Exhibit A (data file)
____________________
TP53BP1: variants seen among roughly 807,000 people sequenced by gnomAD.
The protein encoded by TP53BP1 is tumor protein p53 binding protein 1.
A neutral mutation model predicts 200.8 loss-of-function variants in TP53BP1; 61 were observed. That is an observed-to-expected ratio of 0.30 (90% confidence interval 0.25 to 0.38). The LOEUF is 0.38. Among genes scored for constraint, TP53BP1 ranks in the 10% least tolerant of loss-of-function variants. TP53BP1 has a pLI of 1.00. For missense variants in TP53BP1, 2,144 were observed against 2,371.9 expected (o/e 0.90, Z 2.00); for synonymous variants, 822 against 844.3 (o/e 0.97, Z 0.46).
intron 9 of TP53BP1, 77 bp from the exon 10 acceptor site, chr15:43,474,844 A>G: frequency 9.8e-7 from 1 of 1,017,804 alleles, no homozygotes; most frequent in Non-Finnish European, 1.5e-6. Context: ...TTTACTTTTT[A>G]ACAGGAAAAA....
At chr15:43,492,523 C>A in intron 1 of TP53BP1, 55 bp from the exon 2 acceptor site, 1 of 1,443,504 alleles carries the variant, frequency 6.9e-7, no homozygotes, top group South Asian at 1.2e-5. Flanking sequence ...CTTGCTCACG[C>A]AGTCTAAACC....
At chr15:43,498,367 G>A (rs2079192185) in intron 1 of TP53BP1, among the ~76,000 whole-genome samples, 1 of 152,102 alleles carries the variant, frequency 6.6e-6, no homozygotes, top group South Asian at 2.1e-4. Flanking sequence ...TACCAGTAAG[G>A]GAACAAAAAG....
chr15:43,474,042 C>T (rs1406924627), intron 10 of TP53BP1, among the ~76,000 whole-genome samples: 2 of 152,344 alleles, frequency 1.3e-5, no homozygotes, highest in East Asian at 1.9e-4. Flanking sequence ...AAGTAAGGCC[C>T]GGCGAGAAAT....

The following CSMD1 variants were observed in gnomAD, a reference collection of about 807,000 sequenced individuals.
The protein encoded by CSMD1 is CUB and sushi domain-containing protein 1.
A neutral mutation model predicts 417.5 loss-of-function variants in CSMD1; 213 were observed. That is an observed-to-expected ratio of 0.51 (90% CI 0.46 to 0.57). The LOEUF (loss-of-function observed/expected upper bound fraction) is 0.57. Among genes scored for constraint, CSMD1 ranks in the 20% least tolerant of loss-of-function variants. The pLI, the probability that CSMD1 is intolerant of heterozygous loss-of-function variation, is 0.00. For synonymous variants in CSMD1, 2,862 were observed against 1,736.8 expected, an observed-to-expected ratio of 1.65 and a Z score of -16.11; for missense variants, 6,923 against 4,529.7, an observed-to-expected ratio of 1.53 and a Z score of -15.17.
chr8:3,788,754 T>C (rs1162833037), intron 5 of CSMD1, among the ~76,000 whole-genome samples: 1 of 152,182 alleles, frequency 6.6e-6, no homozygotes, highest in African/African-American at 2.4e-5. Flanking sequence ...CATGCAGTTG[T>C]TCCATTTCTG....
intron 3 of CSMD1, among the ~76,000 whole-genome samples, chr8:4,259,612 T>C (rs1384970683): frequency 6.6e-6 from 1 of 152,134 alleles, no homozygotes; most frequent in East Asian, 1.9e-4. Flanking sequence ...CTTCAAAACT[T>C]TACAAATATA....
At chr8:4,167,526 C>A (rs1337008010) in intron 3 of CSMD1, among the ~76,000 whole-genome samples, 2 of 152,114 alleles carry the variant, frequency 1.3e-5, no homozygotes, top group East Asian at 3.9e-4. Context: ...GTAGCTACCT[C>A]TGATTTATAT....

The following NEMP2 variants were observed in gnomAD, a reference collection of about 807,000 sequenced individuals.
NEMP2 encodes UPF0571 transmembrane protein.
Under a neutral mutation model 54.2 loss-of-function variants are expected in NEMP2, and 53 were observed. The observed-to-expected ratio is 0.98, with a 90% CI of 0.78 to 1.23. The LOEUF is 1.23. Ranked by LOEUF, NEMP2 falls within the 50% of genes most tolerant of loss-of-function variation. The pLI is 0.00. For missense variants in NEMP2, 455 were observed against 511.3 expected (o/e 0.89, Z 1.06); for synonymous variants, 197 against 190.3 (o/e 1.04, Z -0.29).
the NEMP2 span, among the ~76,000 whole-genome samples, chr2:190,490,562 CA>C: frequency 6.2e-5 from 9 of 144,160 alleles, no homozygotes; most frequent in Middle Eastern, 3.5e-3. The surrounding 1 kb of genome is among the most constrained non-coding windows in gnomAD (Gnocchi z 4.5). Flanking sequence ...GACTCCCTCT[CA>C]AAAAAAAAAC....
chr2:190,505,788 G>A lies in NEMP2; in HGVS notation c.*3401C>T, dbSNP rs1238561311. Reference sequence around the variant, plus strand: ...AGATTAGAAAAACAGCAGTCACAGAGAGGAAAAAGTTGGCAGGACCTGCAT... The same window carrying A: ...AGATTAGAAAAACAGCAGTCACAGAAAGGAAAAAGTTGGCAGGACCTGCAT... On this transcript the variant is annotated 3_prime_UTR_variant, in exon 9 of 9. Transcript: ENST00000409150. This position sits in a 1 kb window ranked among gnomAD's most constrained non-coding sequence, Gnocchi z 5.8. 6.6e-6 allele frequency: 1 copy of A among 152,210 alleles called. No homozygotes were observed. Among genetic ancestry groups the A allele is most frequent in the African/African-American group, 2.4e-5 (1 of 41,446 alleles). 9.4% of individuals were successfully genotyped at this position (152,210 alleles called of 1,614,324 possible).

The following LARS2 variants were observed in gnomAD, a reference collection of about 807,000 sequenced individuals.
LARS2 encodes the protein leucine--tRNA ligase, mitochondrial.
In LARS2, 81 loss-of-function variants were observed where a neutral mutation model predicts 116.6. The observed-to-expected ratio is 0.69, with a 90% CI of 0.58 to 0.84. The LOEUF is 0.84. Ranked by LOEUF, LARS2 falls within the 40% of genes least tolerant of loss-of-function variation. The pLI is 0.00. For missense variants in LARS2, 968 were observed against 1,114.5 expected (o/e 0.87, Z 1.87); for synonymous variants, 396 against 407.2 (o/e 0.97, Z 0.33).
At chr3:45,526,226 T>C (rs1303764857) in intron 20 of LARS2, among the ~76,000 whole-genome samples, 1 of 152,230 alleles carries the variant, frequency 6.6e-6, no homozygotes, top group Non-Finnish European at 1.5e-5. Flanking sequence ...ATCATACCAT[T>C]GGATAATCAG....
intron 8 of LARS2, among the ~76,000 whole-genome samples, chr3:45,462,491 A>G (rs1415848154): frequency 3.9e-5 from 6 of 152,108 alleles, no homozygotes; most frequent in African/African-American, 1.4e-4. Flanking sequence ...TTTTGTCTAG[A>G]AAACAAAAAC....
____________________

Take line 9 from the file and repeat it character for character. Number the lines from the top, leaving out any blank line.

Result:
The protein encoded by CSMD1 is CUB and sushi domain-containing protein 1.